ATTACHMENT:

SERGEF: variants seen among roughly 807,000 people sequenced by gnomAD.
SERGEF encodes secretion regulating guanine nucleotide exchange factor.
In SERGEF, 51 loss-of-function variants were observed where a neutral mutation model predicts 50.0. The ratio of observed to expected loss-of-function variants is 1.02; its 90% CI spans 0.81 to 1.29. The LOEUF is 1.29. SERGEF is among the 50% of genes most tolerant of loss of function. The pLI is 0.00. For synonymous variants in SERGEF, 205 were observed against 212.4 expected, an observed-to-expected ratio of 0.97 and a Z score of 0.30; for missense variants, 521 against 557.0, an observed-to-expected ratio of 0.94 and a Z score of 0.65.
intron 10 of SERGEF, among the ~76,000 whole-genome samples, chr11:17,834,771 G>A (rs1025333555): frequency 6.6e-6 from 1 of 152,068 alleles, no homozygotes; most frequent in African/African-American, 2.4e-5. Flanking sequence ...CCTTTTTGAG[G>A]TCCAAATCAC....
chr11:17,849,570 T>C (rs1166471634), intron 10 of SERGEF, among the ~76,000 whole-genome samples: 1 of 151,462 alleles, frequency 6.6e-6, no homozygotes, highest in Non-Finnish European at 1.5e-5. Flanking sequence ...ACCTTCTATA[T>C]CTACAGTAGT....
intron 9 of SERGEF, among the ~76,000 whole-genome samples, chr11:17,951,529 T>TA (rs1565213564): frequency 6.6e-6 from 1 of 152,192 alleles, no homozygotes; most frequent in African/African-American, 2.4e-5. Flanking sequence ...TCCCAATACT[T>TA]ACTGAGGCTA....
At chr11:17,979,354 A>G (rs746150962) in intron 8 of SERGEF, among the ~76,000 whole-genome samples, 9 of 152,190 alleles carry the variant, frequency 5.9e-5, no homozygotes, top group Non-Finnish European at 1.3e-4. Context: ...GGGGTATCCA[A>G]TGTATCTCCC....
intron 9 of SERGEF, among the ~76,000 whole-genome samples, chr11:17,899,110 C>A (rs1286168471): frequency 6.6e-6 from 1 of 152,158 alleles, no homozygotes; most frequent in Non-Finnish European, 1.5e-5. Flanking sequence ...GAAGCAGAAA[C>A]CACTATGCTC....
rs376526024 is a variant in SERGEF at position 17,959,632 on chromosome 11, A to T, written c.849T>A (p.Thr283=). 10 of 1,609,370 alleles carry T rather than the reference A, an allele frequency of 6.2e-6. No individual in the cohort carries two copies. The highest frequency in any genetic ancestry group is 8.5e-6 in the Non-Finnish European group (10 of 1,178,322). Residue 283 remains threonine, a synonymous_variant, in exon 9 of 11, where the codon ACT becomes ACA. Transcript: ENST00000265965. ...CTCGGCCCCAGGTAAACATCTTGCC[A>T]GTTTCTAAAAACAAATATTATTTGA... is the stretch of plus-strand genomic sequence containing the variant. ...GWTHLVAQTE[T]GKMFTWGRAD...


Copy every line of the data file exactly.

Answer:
SERGEF: variants seen among roughly 807,000 people sequenced by gnomAD.
SERGEF encodes secretion regulating guanine nucleotide exchange factor.
In SERGEF, 51 loss-of-function variants were observed where a neutral mutation model predicts 50.0. The ratio of observed to expected loss-of-function variants is 1.02; its 90% CI spans 0.81 to 1.29. The LOEUF is 1.29. SERGEF is among the 50% of genes most tolerant of loss of function. The pLI is 0.00. For synonymous variants in SERGEF, 205 were observed against 212.4 expected, an observed-to-expected ratio of 0.97 and a Z score of 0.30; for missense variants, 521 against 557.0, an observed-to-expected ratio of 0.94 and a Z score of 0.65.
intron 10 of SERGEF, among the ~76,000 whole-genome samples, chr11:17,834,771 G>A (rs1025333555): frequency 6.6e-6 from 1 of 152,068 alleles, no homozygotes; most frequent in African/African-American, 2.4e-5. Flanking sequence ...CCTTTTTGAG[G>A]TCCAAATCAC....
chr11:17,849,570 T>C (rs1166471634), intron 10 of SERGEF, among the ~76,000 whole-genome samples: 1 of 151,462 alleles, frequency 6.6e-6, no homozygotes, highest in Non-Finnish European at 1.5e-5. Flanking sequence ...ACCTTCTATA[T>C]CTACAGTAGT....
intron 9 of SERGEF, among the ~76,000 whole-genome samples, chr11:17,951,529 T>TA (rs1565213564): frequency 6.6e-6 from 1 of 152,192 alleles, no homozygotes; most frequent in African/African-American, 2.4e-5. Flanking sequence ...TCCCAATACT[T>TA]ACTGAGGCTA....
At chr11:17,979,354 A>G (rs746150962) in intron 8 of SERGEF, among the ~76,000 whole-genome samples, 9 of 152,190 alleles carry the variant, frequency 5.9e-5, no homozygotes, top group Non-Finnish European at 1.3e-4. Context: ...GGGGTATCCA[A>G]TGTATCTCCC....
intron 9 of SERGEF, among the ~76,000 whole-genome samples, chr11:17,899,110 C>A (rs1286168471): frequency 6.6e-6 from 1 of 152,158 alleles, no homozygotes; most frequent in Non-Finnish European, 1.5e-5. Flanking sequence ...GAAGCAGAAA[C>A]CACTATGCTC....
rs376526024 is a variant in SERGEF at position 17,959,632 on chromosome 11, A to T, written c.849T>A (p.Thr283=). 10 of 1,609,370 alleles carry T rather than the reference A, an allele frequency of 6.2e-6. No individual in the cohort carries two copies. The highest frequency in any genetic ancestry group is 8.5e-6 in the Non-Finnish European group (10 of 1,178,322). Residue 283 remains threonine, a synonymous_variant, in exon 9 of 11, where the codon ACT becomes ACA. Transcript: ENST00000265965. ...CTCGGCCCCAGGTAAACATCTTGCC[A>T]GTTTCTAAAAACAAATATTATTTGA... is the stretch of plus-strand genomic sequence containing the variant. ...GWTHLVAQTE[T]GKMFTWGRAD...